Monty Norman, the composer of the James Bond theme, dies at 94
LONDON — Monty Norman, a British composer who wrote the theme tune for the James Bond films, has died. He was 94.
A statement posted Monday on Norman's official website said: "It is with sadness we share the news that Monty Norman died on 11th July 2022 after a short illness."
Born Monty Noserovitch to Jewish parents in the East End of London in 1928, Norman got his first guitar when he was 16. He performed with big bands and in a variety double act with comedian Benny Hill before writing songs for early British rockers Cliff Richard and Tommy Steele and composing for stage musicals including "Make Me an Offer," "Expresso Bongo," "Songbook" and "Poppy."
Norman was hired by producer Albert "Cubby" Broccoli to compose a theme for the first James Bond film, "Dr. No," released in 1962.
He drew on a piece he had written for a proposed musical adaptation of V.S. Naipaul's "A House for Mr. Biswas," shifting the key riff from sitar to electric guitar. The result — twangy, propulsive, menacing — has been used in all 25 Bond thrillers.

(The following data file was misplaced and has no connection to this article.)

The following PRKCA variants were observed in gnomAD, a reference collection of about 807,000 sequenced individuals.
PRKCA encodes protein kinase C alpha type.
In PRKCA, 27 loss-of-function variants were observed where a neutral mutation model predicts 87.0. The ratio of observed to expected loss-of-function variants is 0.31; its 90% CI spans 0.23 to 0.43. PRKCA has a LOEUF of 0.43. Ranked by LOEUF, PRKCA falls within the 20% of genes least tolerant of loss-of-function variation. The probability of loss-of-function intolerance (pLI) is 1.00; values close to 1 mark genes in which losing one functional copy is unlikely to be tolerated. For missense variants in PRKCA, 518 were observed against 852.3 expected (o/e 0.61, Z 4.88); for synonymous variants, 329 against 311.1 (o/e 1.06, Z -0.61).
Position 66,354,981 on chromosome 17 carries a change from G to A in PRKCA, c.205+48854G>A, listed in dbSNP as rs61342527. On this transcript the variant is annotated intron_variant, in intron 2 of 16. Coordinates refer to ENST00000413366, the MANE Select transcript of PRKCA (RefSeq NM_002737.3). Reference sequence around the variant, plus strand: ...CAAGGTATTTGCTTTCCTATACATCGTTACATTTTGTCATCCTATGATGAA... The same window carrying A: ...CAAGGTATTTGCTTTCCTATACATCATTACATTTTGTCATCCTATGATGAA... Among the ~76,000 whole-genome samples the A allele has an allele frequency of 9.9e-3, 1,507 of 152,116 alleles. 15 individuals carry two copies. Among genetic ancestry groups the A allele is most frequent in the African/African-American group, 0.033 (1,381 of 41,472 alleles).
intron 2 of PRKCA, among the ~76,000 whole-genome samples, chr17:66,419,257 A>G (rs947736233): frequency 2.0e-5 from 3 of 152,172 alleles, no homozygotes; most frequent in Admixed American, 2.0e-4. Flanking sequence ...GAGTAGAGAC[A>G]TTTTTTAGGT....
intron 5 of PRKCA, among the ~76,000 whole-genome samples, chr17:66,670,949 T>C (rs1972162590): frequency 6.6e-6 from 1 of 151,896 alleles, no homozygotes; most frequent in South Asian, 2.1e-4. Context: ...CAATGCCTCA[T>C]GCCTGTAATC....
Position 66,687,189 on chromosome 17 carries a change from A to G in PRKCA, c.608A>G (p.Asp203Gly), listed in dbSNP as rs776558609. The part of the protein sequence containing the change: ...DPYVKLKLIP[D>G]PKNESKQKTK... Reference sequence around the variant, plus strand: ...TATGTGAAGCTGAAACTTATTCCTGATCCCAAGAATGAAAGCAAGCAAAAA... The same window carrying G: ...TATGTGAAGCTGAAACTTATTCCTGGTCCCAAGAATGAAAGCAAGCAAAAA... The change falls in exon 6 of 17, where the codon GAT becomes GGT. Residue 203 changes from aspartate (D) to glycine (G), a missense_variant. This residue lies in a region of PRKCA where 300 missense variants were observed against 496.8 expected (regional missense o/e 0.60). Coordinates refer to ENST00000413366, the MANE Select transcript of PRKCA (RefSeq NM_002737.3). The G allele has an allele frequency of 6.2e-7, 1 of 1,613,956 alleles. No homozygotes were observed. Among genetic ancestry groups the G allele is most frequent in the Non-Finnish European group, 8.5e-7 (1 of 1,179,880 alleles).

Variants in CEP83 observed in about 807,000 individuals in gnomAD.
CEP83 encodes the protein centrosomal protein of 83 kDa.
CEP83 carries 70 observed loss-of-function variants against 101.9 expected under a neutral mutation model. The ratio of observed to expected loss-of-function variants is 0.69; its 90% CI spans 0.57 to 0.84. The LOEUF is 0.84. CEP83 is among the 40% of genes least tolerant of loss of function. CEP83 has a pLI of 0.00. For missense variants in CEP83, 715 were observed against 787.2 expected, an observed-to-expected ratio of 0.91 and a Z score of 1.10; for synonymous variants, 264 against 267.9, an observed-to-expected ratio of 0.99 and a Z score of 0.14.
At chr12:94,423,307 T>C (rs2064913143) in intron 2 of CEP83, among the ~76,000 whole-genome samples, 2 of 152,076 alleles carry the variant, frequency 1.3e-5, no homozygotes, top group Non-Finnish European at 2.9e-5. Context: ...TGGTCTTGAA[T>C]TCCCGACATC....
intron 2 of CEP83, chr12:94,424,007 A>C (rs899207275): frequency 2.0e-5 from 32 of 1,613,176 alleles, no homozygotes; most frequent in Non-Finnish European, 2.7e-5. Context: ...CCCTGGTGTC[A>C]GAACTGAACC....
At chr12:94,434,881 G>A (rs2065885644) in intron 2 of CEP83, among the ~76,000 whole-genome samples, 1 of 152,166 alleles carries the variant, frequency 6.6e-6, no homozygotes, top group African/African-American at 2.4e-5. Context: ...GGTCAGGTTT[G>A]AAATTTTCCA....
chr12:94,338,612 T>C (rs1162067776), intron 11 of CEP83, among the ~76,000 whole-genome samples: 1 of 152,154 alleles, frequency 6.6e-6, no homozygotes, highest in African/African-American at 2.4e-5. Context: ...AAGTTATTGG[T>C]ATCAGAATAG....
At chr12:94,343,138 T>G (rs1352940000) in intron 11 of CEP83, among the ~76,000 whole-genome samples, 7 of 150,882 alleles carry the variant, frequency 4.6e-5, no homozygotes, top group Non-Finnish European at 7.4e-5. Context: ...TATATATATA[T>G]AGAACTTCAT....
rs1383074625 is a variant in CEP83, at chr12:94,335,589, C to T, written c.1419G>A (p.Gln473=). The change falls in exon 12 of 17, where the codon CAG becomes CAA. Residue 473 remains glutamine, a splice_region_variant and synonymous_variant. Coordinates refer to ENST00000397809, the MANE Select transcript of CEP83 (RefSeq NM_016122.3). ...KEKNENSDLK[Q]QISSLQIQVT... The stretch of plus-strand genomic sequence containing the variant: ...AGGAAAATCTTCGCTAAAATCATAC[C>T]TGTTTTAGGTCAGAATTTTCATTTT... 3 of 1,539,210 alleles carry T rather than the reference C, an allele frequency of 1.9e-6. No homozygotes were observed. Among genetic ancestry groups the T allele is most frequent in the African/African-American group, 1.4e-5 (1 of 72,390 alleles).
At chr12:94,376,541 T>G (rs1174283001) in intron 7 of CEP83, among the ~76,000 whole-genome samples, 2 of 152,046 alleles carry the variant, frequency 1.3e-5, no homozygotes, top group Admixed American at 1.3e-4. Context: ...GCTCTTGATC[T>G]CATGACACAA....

Producers hired composer John Barry to rearrange the theme, and Barry was widely assumed to have written it — to Norman's chagrin. Barry, who died in 2011, went on to compose scores for almost a dozen Bond films, including "Goldfinger" and "You Only Live Twice."
Norman went to court to assert his authorship, suing the Sunday Times newspaper for libel over a 1997 article asserting the theme was composed by Barry. He won in 2001 and was awarded 30,000 pounds in damages.
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